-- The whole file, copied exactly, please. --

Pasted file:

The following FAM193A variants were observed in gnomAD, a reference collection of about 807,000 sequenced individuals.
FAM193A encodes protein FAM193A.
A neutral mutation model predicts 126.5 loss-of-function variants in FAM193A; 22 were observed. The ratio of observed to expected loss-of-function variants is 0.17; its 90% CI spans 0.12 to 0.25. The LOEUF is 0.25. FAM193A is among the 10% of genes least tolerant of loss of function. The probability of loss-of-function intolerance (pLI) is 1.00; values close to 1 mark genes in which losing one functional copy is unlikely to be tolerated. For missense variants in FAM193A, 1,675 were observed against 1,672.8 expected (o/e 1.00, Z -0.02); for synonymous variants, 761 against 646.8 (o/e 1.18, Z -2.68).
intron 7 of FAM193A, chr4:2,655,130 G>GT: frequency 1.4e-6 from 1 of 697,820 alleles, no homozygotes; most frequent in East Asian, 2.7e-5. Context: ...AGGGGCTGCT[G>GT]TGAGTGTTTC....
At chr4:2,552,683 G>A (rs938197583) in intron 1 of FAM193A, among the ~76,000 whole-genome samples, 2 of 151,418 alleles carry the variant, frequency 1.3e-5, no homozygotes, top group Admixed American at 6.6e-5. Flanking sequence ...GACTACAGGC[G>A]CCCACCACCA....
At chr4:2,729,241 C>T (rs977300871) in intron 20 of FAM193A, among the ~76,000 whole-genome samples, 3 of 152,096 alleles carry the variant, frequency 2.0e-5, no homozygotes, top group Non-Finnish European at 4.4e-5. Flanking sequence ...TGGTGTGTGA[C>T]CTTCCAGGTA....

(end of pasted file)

The following FAM193A variants were observed in gnomAD, a reference collection of about 807,000 sequenced individuals.
FAM193A encodes protein FAM193A.
A neutral mutation model predicts 126.5 loss-of-function variants in FAM193A; 22 were observed. The ratio of observed to expected loss-of-function variants is 0.17; its 90% CI spans 0.12 to 0.25. The LOEUF is 0.25. FAM193A is among the 10% of genes least tolerant of loss of function. The probability of loss-of-function intolerance (pLI) is 1.00; values close to 1 mark genes in which losing one functional copy is unlikely to be tolerated. For missense variants in FAM193A, 1,675 were observed against 1,672.8 expected (o/e 1.00, Z -0.02); for synonymous variants, 761 against 646.8 (o/e 1.18, Z -2.68).
intron 7 of FAM193A, chr4:2,655,130 G>GT: frequency 1.4e-6 from 1 of 697,820 alleles, no homozygotes; most frequent in East Asian, 2.7e-5. Context: ...AGGGGCTGCT[G>GT]TGAGTGTTTC....
At chr4:2,552,683 G>A (rs938197583) in intron 1 of FAM193A, among the ~76,000 whole-genome samples, 2 of 151,418 alleles carry the variant, frequency 1.3e-5, no homozygotes, top group Admixed American at 6.6e-5. Flanking sequence ...GACTACAGGC[G>A]CCCACCACCA....
At chr4:2,729,241 C>T (rs977300871) in intron 20 of FAM193A, among the ~76,000 whole-genome samples, 3 of 152,096 alleles carry the variant, frequency 2.0e-5, no homozygotes, top group Non-Finnish European at 4.4e-5. Flanking sequence ...TGGTGTGTGA[C>T]CTTCCAGGTA....